Incidentally, in the wake of Cyclone Idai, the World Food Programme was one of the first responders to the crisis, flying in the massive MI8 helicopter from Uganda to help mitigate the effects of the disaster. Within a week, the helicopter had moved three tonnes of relief food between Mutare and Chimanimani.
But for the long haul, the not-for-profit organisation saw it better to build community resilience, of which the Zimunda weir dam was one of the projects earmarked for rehabilitation.
Zimunda and other 12 other resilience projects were funded by The World Bank, managed by Zimbabwe Idai Recovery Project (ZIRP), to reach the most affected communities across nine districts.
“The cyclone left the dam full of river sand, stones and logs. And the pipe that takes water downstream to our irrigation plots had been washed away.
“In-as-much as we would have wanted to work on bringing our lifeline back, we did not have the financial capacity to do so, especially in the wake of the cyclone,” said Mauka.
Whilst the community provided the labour, under the food-for-assets programme, the World Food Programme would provide the incentives, mostly in the form of food provisions.
The programme saw 300 people from the Zimunda community taking part, each contributing five hours per day, 15 days per month, and each getting US$45 equivalent for that month’s contribution.
“Besides giving us the financial incentives, the World Food Programme and its implementing partner also provided the materials that were needed to be bought, those that we could not provide as a community.
“For example, cement and pipes came from them and we used the sand and stones that had been deposited by the cyclone. They also provided the technical expertise, so that our weir was built with help from engineers.”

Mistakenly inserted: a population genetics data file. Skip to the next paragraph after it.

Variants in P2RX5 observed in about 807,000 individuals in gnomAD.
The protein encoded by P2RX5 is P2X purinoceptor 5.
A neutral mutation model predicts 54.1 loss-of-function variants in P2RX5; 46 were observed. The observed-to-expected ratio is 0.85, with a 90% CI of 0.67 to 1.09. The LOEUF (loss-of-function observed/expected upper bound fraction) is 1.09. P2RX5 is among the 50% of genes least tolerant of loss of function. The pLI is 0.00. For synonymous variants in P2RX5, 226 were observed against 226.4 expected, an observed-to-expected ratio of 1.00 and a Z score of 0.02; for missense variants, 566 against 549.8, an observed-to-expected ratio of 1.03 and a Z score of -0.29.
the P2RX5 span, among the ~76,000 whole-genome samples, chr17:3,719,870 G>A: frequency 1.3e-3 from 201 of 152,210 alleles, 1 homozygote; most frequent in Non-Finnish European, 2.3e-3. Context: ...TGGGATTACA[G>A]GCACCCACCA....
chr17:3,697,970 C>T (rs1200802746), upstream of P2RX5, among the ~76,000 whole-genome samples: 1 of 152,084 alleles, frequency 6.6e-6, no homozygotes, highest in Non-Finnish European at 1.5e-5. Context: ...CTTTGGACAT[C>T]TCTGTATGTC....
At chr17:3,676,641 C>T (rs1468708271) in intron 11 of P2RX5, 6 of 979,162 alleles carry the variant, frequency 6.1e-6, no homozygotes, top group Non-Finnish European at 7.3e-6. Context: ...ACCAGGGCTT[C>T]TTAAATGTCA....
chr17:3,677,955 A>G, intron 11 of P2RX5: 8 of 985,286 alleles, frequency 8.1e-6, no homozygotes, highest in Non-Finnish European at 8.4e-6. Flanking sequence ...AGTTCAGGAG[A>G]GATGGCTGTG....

Joseph Kararadza, another villager, said Cyclone Idai did not only destroy infrastructure but livelihoods as well. “In the aftermath of the disaster, there was domestic disharmony in some households.
“Some of our young girls had resorted to unethical means to survive because families could no longer hold but when our irrigation scheme was restored, life came back to normal. We are now back to doing what we know best with our irrigation scheme and our lives are slowly getting back to normal.”
For Theodore Mudondo, her fears were on children getting malnourished. “Our biggest fear was on the return of kwashiorkor, we feared we were heading back in time. Malnutrition is something we last heard in this area long back but when our nutritional gardens were washed away, we feared that we could be heading back to the past.”
In a separate discussion prior to the visit to Chimanimani, Eddie Rowe, the country director for World Food Programme, commenting on his organisation’s thrust to rebuild community infrastructure, had hinted: “That is where the humanitarian development nexus comes in. When you go on the ground, you will find that there are several projects and efforts, not solely by WFP but a multi-sectorial approach, through the World Bank funded Zimbabwe Idai Response Project, to re-construct the lives of the people of Chimanimani and Chipinge.”
Whilst Cyclone Idai might have come and gone, its ravaging effects still being felt, the Zimunda community is ready for any other climate-induced shock that might come its way.
Councillor Mauka could not have summed it better: “These climate-induced shocks are not just cyclones, they can be droughts, but we are sure that our community is ready to take in any other shock that might come our way, thanks to the rehabilitation of our weir. Our worry might only come if we go for, say two seasons, without rains, which is unusual though.”